Jul 30, 2021
In this episode of Build The Damn Thing, Kathryn Finney opens up about the different struggles she went through on her way to success as a Black woman in business and as an innovator in technology. Learn about her business trajectory since the early 2000’s, where she was managing to create the Budget Fashionista blog, which later on became a sensation in the blogging community. However, this was not enough to succeed: with the evolution of technology Kathryn had to constantly reinvent herself and come up with new ideas and new projects that weren’t received with open arms by the white male community who had the monopoly over entrepreneurship and technology at that time.
This episode is a testimony of how Kathryn turned every rejection or project that did not work out the way she wanted into motivation to inspire other women and spark new and innovative ideas to change the game.
Kathryn Finney is known as a pioneer in the fashion blogging community thanks to her blog “The Budget Fashionista” which has helped thousands of women dress chic and cheap. Kathryn not only has built a huge blogging community but also has been featured among "America's Top 50 Women In Tech" by Forbes and is greatly recognized by books like How to be a Budget Fashionista and The Ultimate Guide to Looking Fabulous for Less. In fact, Kathryn is the living definition of a businesswoman who is always trying to generate new ways to share her knowledge about fashion and entrepreneurship just like she does through her platform the Genius Guild which apart from having the podcast “Build that Damn Thing”, invests in companies led by Black founders.
Insight from the Podcast
- How Kathryn became a successful black business woman.
- Details on how Kathryn had to constantly reinvent her projects according to the technology and blogging evolutions.
- Difficulties Kathryn experienced being a black woman in a work scenario mainly dominated by white men.
- How throughout the years Kathryn, with the help of other black businesswoman, found her spot in the fashion and entrepreneur industry.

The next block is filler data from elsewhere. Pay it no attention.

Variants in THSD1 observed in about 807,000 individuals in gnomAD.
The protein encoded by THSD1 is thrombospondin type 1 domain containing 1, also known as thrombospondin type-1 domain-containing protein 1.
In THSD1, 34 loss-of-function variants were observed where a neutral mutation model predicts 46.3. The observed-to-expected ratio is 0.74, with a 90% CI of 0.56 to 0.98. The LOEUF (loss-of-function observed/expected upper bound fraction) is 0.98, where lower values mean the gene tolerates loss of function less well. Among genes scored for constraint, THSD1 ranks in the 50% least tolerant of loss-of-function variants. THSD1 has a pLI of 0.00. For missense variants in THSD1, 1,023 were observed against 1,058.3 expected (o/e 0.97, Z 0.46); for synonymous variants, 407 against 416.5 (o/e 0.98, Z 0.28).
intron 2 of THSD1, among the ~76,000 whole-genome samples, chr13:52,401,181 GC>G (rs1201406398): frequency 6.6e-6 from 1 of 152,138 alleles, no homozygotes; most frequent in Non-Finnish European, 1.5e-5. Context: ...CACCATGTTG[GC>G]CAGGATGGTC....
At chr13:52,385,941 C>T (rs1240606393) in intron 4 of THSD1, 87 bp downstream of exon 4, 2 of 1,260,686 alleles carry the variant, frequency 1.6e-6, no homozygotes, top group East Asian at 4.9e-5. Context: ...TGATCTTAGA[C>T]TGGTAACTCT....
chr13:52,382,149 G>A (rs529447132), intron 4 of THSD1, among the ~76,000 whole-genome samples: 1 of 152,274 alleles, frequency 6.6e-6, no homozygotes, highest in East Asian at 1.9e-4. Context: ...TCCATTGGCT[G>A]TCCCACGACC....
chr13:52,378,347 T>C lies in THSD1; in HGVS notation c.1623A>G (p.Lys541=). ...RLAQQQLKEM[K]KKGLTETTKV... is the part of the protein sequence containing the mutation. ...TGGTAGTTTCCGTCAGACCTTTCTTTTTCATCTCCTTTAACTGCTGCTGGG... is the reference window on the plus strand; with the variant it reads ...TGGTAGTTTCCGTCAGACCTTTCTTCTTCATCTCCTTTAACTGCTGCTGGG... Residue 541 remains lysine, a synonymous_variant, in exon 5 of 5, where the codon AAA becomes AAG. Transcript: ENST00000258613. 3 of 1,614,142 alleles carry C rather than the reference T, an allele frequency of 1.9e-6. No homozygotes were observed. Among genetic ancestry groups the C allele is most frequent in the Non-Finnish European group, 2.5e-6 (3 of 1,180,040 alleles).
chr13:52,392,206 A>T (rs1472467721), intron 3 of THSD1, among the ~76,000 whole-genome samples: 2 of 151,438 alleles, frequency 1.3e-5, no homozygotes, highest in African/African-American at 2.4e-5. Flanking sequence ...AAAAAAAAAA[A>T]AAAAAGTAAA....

- How Kathryn has always sought to support women, who like her in the early 2000´s, are looking to be successful.
Quotes from the show:
“I wasn't the first black woman, I was one of the first women period” -Kathryn Finney, Build The Damn Thing Episode #3
“Blogging was the future and I knew how influential the influencers were for their community” -Kathryn Finney, Build The Damn Thing Episode #3
“I needed to build a team because I couldn't do it all myself, I couldn't serve the amount of content that my community wanted all the time” -Kathryn Finney, Build The Damn Thing Episode #3
“I kind of knew that it was changing, I started to see that technology became easier, there were more people and more competition and the difference between me and others was not that great, people started to try to take the name of Budget Fashionista which I had trademarked” -Kathryn Finney, Build The Damn Thing Episode #3
“My agent and attorney at the time said to me: don't you ever do that again and I was like what do you mean? They were like you can't be smart like that, you let us do that” -Kathryn Finney, Build The Damn Thing Episode #3
“I don't know of any black woman that ever received the venture funding and I don't think you'll be the first” -Kathryn Finney, Build The Damn Thing Episode #3
“We were invisible Black Founders, Black women were invisible, the irony of it is to see how many of them are trying to get woken up” -Kathryn Finney, Build The Damn Thing Episode #3
Facebook: Kathryn Finney
Website: Genius Guild
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Produced by Genius Guild Content Studios
Executive Producers: Kathryn Finney and Darlene Gillard Jones
Post-Production Company: Prosper Digital TV
Post-Production Manager: Joanes Prosper
Post-Production Supervisor: Jason Pierre
Post-Production Sound Editor: Evan Joseph
Co-Music Supervisors: Jason Pierre and Darlene Gillard Jones
Show Music: provided by Prosper Digital TV
Main Show Theme Music: "Self Motivated" Written & Performed by Tamara Bubble
Add’l Music: "Lil' Sumn" by Dreamadai
Season 1 Episode 3
July 30, 2021
37 mins, 50 secs (34.7MB, Audio)
Patrice Yursik Grell
If you don't really know, Kathryn, you can kind of look at her as a person who is, a very knowledgeable expert.. and who has a really cool, funky fashion sense. And you see her beautiful, big hair and the cool glasses and the way she puts herself together. And…. I think that if you aren't familiar with her, it can be a little intimidating, because she just looks like she has it so together, and she does have it so together.
She's a dynamic, amazing, knowledgeable, fierce woman, but she's friendly and she's sweet and she's approachable, and she's funny, And she does not approach things from a lofty, unfriendly, I'm better than you perspective. She's always just been... Kathryn.